• Ensure the measurements are legible. If they’ve been scanned, it’s important to check the detail is still decipherable.
    4. A full list of specifications and inclusions – the valuation is more accurate if the valuers don’t have to make assumptions.
    5. A full list of ancillary improvements (landscaping, driveways, fencing, etc) which are included in the contract.
    6. Signed and dated Contract of Sale, including all special conditions and annexures.
      • Be sure to provide all annexures and highlight any information regarding rental guarantees, furniture packages or rebates back to the purchaser (these are tactics sometimes used to inflate the sale price).
      • Industry guidelines dictate that property valuers are required to deduct the value of rental guarantees, furniture packages and rebates from the contract amount. It’s important to know the consequences of this on your lending.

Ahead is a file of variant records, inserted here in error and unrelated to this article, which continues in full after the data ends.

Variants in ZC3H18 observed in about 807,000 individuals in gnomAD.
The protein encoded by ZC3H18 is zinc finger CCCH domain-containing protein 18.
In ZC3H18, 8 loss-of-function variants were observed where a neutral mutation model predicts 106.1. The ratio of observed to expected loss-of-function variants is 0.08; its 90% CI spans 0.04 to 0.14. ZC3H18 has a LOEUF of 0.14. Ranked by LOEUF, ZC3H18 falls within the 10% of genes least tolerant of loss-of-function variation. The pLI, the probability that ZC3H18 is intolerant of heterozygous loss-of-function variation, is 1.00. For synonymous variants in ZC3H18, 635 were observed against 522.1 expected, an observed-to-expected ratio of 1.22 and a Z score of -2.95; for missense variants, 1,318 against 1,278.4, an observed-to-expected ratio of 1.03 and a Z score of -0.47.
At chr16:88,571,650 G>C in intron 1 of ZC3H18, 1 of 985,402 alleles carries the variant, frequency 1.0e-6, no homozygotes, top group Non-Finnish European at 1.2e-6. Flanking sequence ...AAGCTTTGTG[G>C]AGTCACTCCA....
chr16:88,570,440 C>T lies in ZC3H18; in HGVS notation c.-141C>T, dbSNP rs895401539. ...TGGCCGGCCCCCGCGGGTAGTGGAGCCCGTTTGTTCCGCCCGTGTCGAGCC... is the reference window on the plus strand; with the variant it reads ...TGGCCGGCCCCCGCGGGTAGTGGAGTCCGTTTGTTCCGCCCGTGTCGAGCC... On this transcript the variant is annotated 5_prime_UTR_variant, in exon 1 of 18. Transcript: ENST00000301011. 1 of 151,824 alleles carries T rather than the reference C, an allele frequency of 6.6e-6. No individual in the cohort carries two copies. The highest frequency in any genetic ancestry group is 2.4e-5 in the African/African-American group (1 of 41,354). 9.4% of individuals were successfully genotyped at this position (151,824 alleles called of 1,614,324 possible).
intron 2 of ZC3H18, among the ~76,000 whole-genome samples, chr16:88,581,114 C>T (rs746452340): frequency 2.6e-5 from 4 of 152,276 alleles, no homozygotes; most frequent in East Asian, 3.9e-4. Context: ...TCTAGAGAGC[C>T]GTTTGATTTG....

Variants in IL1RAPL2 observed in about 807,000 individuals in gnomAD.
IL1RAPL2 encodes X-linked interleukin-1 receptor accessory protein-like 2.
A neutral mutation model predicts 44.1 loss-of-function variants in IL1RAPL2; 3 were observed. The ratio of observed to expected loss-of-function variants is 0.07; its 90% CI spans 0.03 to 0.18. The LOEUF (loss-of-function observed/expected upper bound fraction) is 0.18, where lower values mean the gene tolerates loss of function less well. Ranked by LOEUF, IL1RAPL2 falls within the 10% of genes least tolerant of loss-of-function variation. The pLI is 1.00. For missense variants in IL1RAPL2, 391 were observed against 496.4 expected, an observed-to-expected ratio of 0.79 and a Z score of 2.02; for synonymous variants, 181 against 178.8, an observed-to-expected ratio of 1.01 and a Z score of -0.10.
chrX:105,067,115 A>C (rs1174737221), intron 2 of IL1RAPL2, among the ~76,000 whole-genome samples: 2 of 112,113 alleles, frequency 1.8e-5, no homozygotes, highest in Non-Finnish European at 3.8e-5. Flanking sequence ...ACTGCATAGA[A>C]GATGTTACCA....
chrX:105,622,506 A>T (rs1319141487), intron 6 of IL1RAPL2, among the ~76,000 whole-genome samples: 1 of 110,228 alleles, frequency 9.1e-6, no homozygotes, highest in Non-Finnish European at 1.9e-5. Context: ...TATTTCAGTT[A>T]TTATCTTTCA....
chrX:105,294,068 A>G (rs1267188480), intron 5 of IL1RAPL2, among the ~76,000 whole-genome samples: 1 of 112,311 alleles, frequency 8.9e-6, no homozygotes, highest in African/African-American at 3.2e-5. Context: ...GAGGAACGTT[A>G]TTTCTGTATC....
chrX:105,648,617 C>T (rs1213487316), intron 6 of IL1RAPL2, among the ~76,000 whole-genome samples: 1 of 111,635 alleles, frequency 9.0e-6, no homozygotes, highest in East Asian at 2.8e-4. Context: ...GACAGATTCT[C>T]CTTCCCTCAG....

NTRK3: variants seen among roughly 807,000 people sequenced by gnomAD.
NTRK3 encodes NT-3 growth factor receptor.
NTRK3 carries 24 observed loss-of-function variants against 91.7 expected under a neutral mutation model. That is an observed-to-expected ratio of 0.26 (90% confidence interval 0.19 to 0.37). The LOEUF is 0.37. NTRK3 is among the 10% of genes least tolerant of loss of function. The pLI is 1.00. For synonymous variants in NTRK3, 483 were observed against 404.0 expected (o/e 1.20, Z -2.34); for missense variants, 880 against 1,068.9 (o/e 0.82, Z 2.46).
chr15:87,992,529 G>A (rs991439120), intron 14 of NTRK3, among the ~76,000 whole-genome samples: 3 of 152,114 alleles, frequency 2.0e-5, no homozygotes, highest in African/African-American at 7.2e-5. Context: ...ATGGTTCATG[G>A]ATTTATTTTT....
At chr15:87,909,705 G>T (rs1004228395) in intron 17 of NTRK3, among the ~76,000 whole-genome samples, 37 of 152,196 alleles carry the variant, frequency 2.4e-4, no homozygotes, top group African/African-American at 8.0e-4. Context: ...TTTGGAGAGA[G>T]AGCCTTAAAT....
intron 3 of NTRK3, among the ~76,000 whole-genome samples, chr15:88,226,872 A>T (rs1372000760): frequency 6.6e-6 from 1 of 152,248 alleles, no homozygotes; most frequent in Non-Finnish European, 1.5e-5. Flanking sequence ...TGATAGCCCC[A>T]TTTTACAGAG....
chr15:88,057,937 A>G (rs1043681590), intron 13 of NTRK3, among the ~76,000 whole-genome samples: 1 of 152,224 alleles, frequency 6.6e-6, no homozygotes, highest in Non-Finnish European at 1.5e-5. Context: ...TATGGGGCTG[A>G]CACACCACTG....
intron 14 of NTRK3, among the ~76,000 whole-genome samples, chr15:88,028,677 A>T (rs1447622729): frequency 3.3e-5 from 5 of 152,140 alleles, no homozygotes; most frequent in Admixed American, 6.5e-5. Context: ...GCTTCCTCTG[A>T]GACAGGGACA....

• It’s good practice to have another set of eyes run over the Contract of Sale. On one occasion, a clause was found stating the new dwelling was being constructed on a parcel of land earmarked for resumption for a major highway within the next five years. Once brought to the attention of the purchaser, the contract was rightly terminated.

A question we are sometimes asked is ‘why is the new house and land valued at less than the contract price?